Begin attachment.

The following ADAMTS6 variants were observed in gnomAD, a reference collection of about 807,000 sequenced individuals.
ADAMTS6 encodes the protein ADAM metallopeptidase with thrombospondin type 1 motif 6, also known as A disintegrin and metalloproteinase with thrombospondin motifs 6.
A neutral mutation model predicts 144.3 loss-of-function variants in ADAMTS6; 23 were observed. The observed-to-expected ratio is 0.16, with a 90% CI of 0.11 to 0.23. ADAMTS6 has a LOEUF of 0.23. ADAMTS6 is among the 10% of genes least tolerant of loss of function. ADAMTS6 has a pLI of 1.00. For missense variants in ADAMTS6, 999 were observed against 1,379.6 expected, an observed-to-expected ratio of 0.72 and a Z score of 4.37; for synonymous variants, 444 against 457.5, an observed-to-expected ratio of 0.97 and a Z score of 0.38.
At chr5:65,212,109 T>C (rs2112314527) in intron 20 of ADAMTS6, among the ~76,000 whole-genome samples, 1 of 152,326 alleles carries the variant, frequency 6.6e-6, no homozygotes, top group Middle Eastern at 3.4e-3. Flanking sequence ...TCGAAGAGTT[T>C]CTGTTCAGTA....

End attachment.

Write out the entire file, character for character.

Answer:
The following ADAMTS6 variants were observed in gnomAD, a reference collection of about 807,000 sequenced individuals.
ADAMTS6 encodes the protein ADAM metallopeptidase with thrombospondin type 1 motif 6, also known as A disintegrin and metalloproteinase with thrombospondin motifs 6.
A neutral mutation model predicts 144.3 loss-of-function variants in ADAMTS6; 23 were observed. The observed-to-expected ratio is 0.16, with a 90% CI of 0.11 to 0.23. ADAMTS6 has a LOEUF of 0.23. ADAMTS6 is among the 10% of genes least tolerant of loss of function. ADAMTS6 has a pLI of 1.00. For missense variants in ADAMTS6, 999 were observed against 1,379.6 expected, an observed-to-expected ratio of 0.72 and a Z score of 4.37; for synonymous variants, 444 against 457.5, an observed-to-expected ratio of 0.97 and a Z score of 0.38.
At chr5:65,212,109 T>C (rs2112314527) in intron 20 of ADAMTS6, among the ~76,000 whole-genome samples, 1 of 152,326 alleles carries the variant, frequency 6.6e-6, no homozygotes, top group Middle Eastern at 3.4e-3. Flanking sequence ...TCGAAGAGTT[T>C]CTGTTCAGTA....